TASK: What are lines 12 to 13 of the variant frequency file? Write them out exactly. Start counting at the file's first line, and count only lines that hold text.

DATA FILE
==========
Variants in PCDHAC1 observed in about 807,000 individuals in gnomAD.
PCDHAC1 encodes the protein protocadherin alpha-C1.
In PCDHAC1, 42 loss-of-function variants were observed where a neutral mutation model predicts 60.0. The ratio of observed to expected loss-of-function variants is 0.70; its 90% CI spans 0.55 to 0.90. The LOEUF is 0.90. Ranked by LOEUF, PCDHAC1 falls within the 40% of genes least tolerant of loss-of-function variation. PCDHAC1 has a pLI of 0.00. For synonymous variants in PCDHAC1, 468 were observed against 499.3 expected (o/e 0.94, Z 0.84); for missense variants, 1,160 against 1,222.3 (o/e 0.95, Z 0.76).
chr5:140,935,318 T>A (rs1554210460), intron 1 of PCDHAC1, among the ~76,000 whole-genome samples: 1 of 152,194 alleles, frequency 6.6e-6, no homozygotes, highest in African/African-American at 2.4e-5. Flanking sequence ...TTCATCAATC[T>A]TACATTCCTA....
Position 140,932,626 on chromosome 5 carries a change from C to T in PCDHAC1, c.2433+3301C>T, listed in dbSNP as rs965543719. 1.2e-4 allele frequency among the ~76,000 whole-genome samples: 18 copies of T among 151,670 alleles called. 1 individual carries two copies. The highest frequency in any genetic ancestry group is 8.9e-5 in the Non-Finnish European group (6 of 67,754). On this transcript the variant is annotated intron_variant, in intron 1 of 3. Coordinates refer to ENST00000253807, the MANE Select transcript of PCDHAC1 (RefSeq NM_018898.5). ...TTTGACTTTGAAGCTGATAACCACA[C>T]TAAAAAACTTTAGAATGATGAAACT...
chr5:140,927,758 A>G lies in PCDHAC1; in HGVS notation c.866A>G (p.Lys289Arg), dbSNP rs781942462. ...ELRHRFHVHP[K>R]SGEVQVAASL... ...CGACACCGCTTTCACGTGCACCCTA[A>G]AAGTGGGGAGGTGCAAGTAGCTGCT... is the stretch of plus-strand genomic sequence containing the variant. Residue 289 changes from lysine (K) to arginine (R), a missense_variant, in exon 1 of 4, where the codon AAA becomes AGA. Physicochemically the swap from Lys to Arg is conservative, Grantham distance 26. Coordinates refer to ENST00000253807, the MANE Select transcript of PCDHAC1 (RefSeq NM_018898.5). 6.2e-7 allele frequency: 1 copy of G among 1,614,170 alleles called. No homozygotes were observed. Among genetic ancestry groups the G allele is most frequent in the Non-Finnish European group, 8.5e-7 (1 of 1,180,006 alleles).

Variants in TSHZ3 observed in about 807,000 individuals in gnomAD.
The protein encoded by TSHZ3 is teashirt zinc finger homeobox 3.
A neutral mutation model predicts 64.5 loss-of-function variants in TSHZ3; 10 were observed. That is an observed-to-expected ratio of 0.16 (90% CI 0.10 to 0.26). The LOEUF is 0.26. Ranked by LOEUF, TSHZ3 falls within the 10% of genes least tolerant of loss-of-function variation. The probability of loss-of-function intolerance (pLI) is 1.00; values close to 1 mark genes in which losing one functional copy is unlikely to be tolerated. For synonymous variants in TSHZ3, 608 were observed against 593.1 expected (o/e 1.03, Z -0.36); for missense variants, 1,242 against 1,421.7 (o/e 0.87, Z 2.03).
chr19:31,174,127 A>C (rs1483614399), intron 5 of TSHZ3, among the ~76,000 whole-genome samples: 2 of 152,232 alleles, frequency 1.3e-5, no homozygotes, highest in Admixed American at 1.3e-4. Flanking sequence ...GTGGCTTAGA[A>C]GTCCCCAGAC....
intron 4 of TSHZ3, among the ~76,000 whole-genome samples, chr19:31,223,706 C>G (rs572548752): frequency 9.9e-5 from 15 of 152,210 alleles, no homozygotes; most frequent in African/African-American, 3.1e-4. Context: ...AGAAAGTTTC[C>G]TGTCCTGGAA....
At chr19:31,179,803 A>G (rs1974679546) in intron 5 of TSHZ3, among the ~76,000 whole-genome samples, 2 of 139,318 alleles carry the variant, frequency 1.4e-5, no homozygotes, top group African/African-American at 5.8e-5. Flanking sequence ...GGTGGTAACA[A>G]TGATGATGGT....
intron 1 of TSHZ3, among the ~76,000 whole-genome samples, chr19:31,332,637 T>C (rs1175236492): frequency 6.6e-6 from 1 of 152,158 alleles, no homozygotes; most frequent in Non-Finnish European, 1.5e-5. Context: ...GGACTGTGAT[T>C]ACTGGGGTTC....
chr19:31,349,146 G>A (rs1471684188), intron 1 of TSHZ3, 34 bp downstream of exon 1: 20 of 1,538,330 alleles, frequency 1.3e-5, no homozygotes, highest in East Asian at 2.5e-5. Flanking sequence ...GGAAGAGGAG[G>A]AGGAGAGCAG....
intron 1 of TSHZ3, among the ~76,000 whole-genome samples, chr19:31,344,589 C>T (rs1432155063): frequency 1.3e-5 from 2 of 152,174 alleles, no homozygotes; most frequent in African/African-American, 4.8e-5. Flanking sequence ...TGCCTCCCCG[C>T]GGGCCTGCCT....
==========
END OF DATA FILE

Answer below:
At chr19:31,179,803 A>G (rs1974679546) in intron 5 of TSHZ3, among the ~76,000 whole-genome samples, 2 of 139,318 alleles carry the variant, frequency 1.4e-5, no homozygotes, top group African/African-American at 5.8e-5. Flanking sequence ...GGTGGTAACA[A>G]TGATGATGGT....
intron 1 of TSHZ3, among the ~76,000 whole-genome samples, chr19:31,332,637 T>C (rs1175236492): frequency 6.6e-6 from 1 of 152,158 alleles, no homozygotes; most frequent in Non-Finnish European, 1.5e-5. Context: ...GGACTGTGAT[T>C]ACTGGGGTTC....